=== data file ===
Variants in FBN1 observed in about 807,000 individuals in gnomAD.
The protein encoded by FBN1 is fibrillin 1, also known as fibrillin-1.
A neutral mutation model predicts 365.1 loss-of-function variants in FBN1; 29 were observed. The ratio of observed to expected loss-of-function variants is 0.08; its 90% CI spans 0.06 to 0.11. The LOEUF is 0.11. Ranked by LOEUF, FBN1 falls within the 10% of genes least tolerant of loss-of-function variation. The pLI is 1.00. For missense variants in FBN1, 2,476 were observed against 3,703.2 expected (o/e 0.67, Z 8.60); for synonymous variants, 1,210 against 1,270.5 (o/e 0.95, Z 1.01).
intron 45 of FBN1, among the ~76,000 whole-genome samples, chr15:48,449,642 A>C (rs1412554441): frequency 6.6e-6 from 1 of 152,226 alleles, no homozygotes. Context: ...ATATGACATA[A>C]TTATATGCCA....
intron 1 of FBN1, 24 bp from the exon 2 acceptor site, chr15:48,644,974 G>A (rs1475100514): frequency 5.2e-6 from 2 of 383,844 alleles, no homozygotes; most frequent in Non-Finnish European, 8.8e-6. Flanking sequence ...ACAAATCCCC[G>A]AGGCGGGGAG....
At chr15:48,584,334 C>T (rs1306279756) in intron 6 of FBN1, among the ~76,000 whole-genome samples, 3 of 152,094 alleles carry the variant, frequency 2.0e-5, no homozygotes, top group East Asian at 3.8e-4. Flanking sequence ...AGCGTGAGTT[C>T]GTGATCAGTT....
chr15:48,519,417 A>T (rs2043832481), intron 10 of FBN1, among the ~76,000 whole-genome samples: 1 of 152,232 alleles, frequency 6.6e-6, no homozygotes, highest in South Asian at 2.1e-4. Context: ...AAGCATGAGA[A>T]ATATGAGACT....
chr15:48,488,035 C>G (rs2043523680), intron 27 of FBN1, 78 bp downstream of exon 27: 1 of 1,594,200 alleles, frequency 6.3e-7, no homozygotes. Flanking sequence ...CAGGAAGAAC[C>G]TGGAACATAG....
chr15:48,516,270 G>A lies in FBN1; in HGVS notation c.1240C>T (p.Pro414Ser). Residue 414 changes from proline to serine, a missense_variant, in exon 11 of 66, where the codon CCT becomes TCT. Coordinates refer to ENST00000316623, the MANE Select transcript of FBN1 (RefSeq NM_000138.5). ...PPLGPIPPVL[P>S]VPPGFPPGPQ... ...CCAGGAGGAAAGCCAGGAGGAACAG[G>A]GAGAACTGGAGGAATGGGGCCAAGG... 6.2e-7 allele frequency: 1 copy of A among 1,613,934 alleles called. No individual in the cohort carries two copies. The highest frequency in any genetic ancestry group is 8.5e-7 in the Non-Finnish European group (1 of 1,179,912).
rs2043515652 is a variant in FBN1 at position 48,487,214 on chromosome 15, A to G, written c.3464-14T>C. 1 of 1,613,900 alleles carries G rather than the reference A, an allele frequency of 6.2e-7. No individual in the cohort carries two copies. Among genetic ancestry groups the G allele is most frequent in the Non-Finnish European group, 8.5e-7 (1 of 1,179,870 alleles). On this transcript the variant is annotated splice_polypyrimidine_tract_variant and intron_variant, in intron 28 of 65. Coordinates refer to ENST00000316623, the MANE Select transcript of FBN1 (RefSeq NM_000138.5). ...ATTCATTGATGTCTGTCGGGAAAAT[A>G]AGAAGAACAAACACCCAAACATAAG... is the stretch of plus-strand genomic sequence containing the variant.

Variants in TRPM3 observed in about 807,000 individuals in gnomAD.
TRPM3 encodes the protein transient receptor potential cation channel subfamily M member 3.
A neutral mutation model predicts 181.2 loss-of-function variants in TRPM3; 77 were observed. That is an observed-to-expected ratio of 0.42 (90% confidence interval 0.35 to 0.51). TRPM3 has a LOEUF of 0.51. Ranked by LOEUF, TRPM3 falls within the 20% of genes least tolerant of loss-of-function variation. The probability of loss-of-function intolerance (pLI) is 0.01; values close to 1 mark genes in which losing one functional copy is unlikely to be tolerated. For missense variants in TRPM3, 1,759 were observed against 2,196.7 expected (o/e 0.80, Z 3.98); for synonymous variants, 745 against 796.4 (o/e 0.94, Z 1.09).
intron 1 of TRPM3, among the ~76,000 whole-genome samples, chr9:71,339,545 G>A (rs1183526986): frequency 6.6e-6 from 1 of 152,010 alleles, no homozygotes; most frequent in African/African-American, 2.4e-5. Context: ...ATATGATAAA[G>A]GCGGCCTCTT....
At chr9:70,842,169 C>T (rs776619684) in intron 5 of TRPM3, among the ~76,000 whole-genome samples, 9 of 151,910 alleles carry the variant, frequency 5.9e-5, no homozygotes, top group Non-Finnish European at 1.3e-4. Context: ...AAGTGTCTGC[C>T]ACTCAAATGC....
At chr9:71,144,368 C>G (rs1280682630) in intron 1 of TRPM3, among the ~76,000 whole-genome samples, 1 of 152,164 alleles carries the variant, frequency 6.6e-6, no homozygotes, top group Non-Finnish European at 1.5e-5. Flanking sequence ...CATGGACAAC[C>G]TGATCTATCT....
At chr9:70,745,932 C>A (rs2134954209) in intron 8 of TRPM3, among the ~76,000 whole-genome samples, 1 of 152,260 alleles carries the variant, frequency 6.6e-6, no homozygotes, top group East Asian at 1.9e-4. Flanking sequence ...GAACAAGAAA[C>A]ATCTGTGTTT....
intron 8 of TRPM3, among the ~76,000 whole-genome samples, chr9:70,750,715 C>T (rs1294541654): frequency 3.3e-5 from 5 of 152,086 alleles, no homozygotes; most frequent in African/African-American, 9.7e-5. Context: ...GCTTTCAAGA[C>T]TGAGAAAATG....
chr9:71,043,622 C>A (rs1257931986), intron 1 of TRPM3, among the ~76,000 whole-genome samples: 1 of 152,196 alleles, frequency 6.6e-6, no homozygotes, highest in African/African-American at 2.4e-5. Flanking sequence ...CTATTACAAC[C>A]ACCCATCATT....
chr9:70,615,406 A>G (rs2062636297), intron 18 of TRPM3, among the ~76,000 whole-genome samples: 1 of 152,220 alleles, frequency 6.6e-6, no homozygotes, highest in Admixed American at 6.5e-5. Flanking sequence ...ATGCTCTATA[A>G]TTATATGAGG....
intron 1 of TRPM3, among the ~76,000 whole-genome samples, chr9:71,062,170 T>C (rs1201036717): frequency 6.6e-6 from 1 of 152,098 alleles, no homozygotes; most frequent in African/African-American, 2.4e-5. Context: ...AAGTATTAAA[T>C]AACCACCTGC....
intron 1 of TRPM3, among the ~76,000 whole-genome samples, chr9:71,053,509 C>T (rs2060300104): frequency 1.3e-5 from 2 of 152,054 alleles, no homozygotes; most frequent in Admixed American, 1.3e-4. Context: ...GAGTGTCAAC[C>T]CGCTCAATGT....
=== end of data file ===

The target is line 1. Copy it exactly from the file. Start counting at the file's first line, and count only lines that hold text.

Variants in FBN1 observed in about 807,000 individuals in gnomAD.